NASA isholding off on moving the space shuttle Atlantis to its Florida launch pad thisweek to ensure it is not threatened by Tropical Storm Hanna, the agency saidTuesday.
While theshuttle could make the 3-mile (4.8-km) trek to the seaside launch pad as earlyas Thursday, it?s more likely to move on Saturday after Hanna has passed, saidNASA spokesperson Allard Beutel of the Kennedy SpaceCenter (KSC) in Cape Canaveral, Fla.
?We?rewatching and protecting our options,? Beutel told SPACE.com.?I think we?re all pretty much figuring it will be Saturday.?
Shuttleworkers at KSC had initially planned to move Atlantis to Launch Pad 39A earlyMonday but held off a day to monitor Hanna, which as of Tuesday had weakened backto a tropical storm after reaching hurricane status over the weekend. NASAhoped to attempt the shuttle move early Wednesday, but later shifted to noearlier than Thursday at 12:01 a.m. EDT (0401 GMT) with Saturday a more likelytarget.
Until Hannapasses, Atlantis and its attached external fuel tank and solid rocket boosterswill stay in the shelter of NASA?s 52-Vehicle Assembly Building at thespaceport.
As of 2:00p.m. EDT (1900 GMT) Tuesday, Hanna was headed for the southeastern Bahamas withmaximum sustained winds of about 70 mph (110 kph) andhigher gusts, according to a National Hurricane Center status report. The stormis expected to strengthen over Wednesday and Thursday, with current forecastspredicting it to move northwest off the eastern coastof Florida.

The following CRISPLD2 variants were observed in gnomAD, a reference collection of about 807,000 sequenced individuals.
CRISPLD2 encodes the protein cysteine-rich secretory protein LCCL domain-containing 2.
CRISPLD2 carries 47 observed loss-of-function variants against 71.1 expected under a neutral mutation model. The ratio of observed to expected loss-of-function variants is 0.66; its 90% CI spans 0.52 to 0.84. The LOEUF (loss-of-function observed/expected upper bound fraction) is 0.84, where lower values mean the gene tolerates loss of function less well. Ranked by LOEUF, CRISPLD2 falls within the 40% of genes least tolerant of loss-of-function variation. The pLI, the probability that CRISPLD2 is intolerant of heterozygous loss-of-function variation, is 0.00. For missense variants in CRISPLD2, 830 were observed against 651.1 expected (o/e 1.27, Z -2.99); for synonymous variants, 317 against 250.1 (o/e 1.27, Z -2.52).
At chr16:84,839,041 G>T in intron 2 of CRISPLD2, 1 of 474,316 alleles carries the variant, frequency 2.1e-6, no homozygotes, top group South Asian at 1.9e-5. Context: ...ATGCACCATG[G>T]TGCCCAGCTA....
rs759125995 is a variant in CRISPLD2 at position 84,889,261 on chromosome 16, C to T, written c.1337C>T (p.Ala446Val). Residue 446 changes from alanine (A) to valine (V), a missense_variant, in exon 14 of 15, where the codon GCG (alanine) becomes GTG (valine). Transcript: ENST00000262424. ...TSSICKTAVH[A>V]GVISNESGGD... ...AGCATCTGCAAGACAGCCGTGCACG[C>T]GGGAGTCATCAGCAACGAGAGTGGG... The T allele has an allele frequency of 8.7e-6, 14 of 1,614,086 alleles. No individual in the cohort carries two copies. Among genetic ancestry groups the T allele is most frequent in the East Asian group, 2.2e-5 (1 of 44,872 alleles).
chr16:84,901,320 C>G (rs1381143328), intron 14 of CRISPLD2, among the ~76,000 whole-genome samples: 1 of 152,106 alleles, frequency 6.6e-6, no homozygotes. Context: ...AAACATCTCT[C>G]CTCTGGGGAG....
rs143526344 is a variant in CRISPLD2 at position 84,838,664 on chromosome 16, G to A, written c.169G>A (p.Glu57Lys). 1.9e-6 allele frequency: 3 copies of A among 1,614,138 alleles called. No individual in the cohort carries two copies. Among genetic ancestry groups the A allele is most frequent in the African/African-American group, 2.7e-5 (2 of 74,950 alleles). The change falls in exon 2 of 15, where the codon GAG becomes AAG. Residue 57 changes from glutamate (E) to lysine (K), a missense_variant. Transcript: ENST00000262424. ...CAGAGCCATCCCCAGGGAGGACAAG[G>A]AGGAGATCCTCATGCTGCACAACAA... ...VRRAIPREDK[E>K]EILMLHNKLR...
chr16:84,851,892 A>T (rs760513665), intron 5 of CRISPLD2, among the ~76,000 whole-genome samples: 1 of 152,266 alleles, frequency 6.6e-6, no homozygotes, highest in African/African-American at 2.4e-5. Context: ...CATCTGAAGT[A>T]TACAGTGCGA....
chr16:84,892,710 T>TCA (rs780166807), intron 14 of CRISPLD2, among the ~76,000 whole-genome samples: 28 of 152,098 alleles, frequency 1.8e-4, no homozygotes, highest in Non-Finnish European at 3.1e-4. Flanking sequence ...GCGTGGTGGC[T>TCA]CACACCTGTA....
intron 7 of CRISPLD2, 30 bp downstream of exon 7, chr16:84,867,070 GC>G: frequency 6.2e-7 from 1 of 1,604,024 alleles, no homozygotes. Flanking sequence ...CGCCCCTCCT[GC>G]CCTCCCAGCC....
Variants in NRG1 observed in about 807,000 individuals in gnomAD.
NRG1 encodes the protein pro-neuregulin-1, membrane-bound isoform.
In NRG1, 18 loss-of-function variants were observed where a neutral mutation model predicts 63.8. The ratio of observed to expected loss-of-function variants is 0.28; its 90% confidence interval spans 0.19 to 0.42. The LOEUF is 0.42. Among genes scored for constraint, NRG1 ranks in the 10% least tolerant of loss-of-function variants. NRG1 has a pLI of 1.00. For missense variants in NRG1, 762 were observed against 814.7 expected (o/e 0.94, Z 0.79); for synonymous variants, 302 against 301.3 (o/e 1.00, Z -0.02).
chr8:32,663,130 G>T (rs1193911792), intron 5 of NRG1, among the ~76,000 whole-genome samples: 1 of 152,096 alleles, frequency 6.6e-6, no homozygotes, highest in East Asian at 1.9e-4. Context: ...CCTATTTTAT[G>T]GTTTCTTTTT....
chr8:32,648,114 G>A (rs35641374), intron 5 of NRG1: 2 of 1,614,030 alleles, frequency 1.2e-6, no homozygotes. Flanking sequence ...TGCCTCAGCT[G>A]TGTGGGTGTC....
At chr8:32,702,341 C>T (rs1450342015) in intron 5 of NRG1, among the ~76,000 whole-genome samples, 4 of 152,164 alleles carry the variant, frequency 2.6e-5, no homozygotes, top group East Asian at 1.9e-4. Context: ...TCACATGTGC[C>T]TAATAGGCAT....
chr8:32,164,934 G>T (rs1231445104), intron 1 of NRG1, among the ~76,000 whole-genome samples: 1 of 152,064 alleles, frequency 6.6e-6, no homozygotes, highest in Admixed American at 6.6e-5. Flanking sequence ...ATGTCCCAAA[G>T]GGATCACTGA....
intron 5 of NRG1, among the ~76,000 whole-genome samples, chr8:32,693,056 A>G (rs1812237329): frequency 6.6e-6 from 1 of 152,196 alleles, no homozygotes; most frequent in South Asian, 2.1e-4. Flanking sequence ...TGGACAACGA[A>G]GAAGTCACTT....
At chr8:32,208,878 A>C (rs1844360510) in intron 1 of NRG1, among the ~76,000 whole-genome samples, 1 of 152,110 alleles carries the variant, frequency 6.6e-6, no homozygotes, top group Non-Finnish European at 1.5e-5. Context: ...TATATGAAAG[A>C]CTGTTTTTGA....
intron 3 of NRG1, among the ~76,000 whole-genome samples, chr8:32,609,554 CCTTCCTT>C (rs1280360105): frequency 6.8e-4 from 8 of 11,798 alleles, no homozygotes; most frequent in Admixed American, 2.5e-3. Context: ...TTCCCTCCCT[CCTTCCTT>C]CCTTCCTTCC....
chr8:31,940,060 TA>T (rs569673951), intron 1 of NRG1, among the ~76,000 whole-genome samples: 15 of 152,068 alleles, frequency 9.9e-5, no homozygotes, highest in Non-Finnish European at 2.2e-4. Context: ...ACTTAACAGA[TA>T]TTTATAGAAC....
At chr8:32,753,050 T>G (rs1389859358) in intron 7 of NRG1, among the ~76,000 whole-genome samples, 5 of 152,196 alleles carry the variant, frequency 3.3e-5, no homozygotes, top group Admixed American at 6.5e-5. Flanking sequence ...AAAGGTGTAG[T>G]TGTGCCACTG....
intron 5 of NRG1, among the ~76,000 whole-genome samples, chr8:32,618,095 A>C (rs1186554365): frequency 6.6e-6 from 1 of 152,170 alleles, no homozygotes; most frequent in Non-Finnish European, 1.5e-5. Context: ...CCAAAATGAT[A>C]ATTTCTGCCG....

?We?reexpecting tropical force winds,? Beutel said.
NASA istargeting an Oct. 8 launch for Atlantis and a crew of seven astronauts to payone last service call on the Hubble Space Telescope.
Last week,mission managers wereweighing options to push the mission to Oct. 10 or 11 due to processingdelays caused by the last month?s Tropical Storm Fay, which prompted NASA to closeits KSC spaceport for three days. A further launch delay appears likely thelonger Atlantis remains inside the cavernous Vehicle Assembly Building.
Beutelsaid today that the spaceport was operating at Hurricane Condition Four, thecenter?s lowest alert level, to secure loose debris in anticipation of windspeeds reaching 50 knots (58 mph) in the next 72 hours.
Accordingto NASA?s hurricane plan, space shuttles cannot remain at a launch pad if windsare forecast to reach top speeds of 70 knots (79 mph). The plan also forbidsspace shuttles to move between launch pads and NASA?s cavernous Vehicle AssemblyBuilding after winds reach sustained speeds of 40 knots (46 mph) with gusts upto 60 knots (69 mph) and lightning within a 23-mile (37-km) radius.
Atlantis?October spaceflight is the fourth of five NASA shuttle flights planned for2008. The year?s final scheduled mission, a planned Nov. 10 launch aboardEndeavour to deliver supplies and equipment to the International Space Station,must fly before Nov. 25, when NASA would stand down due to unfavorable lighting andheating concerns at the orbiting outpost, agency officials have said.
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